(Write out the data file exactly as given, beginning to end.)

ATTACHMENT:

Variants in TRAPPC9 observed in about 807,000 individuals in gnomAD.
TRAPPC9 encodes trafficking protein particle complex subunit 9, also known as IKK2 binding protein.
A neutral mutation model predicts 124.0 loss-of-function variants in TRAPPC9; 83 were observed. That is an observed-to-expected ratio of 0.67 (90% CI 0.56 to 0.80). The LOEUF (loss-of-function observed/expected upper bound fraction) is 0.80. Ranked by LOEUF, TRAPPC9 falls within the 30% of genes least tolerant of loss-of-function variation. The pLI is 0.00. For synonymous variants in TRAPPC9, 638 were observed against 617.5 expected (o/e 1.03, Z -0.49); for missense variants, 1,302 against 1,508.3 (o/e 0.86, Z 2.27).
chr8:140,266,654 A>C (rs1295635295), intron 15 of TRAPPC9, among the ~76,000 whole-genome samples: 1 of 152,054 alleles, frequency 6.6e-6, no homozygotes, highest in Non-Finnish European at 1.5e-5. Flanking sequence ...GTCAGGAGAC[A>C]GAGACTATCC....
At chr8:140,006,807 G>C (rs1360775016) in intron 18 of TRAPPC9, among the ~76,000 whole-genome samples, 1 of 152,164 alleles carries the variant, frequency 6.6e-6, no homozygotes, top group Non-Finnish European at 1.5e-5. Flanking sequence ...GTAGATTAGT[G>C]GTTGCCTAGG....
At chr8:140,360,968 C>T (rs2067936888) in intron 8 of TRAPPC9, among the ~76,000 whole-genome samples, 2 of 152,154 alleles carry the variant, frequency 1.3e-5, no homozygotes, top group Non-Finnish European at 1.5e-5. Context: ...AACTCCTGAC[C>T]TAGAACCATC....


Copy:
Variants in TRAPPC9 observed in about 807,000 individuals in gnomAD.
TRAPPC9 encodes trafficking protein particle complex subunit 9, also known as IKK2 binding protein.
A neutral mutation model predicts 124.0 loss-of-function variants in TRAPPC9; 83 were observed. That is an observed-to-expected ratio of 0.67 (90% CI 0.56 to 0.80). The LOEUF (loss-of-function observed/expected upper bound fraction) is 0.80. Ranked by LOEUF, TRAPPC9 falls within the 30% of genes least tolerant of loss-of-function variation. The pLI is 0.00. For synonymous variants in TRAPPC9, 638 were observed against 617.5 expected (o/e 1.03, Z -0.49); for missense variants, 1,302 against 1,508.3 (o/e 0.86, Z 2.27).
chr8:140,266,654 A>C (rs1295635295), intron 15 of TRAPPC9, among the ~76,000 whole-genome samples: 1 of 152,054 alleles, frequency 6.6e-6, no homozygotes, highest in Non-Finnish European at 1.5e-5. Flanking sequence ...GTCAGGAGAC[A>C]GAGACTATCC....
At chr8:140,006,807 G>C (rs1360775016) in intron 18 of TRAPPC9, among the ~76,000 whole-genome samples, 1 of 152,164 alleles carries the variant, frequency 6.6e-6, no homozygotes, top group Non-Finnish European at 1.5e-5. Flanking sequence ...GTAGATTAGT[G>C]GTTGCCTAGG....
At chr8:140,360,968 C>T (rs2067936888) in intron 8 of TRAPPC9, among the ~76,000 whole-genome samples, 2 of 152,154 alleles carry the variant, frequency 1.3e-5, no homozygotes, top group Non-Finnish European at 1.5e-5. Context: ...AACTCCTGAC[C>T]TAGAACCATC....